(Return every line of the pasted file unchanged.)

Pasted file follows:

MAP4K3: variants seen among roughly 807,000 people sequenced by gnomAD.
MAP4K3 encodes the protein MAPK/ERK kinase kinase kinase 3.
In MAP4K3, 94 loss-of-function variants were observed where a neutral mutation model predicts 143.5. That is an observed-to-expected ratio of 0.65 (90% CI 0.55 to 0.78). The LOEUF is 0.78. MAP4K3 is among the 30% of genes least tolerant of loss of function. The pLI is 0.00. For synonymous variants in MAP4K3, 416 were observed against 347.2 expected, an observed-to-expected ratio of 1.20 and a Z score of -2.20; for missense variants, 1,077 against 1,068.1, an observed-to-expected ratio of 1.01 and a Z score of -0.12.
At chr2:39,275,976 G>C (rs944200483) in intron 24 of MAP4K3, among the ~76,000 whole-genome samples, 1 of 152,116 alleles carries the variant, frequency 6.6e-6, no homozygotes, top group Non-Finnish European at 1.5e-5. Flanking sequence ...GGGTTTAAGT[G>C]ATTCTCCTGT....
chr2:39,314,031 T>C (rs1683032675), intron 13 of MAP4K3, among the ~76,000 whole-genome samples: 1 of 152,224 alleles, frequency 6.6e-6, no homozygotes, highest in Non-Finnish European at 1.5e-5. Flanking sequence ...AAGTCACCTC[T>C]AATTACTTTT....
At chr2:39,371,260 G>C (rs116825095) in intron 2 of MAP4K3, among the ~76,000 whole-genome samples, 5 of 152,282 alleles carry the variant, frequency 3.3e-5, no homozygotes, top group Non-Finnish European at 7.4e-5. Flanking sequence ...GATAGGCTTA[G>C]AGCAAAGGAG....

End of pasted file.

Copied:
MAP4K3: variants seen among roughly 807,000 people sequenced by gnomAD.
MAP4K3 encodes the protein MAPK/ERK kinase kinase kinase 3.
In MAP4K3, 94 loss-of-function variants were observed where a neutral mutation model predicts 143.5. That is an observed-to-expected ratio of 0.65 (90% CI 0.55 to 0.78). The LOEUF is 0.78. MAP4K3 is among the 30% of genes least tolerant of loss of function. The pLI is 0.00. For synonymous variants in MAP4K3, 416 were observed against 347.2 expected, an observed-to-expected ratio of 1.20 and a Z score of -2.20; for missense variants, 1,077 against 1,068.1, an observed-to-expected ratio of 1.01 and a Z score of -0.12.
At chr2:39,275,976 G>C (rs944200483) in intron 24 of MAP4K3, among the ~76,000 whole-genome samples, 1 of 152,116 alleles carries the variant, frequency 6.6e-6, no homozygotes, top group Non-Finnish European at 1.5e-5. Flanking sequence ...GGGTTTAAGT[G>C]ATTCTCCTGT....
chr2:39,314,031 T>C (rs1683032675), intron 13 of MAP4K3, among the ~76,000 whole-genome samples: 1 of 152,224 alleles, frequency 6.6e-6, no homozygotes, highest in Non-Finnish European at 1.5e-5. Flanking sequence ...AAGTCACCTC[T>C]AATTACTTTT....
At chr2:39,371,260 G>C (rs116825095) in intron 2 of MAP4K3, among the ~76,000 whole-genome samples, 5 of 152,282 alleles carry the variant, frequency 3.3e-5, no homozygotes, top group Non-Finnish European at 7.4e-5. Flanking sequence ...GATAGGCTTA[G>C]AGCAAAGGAG....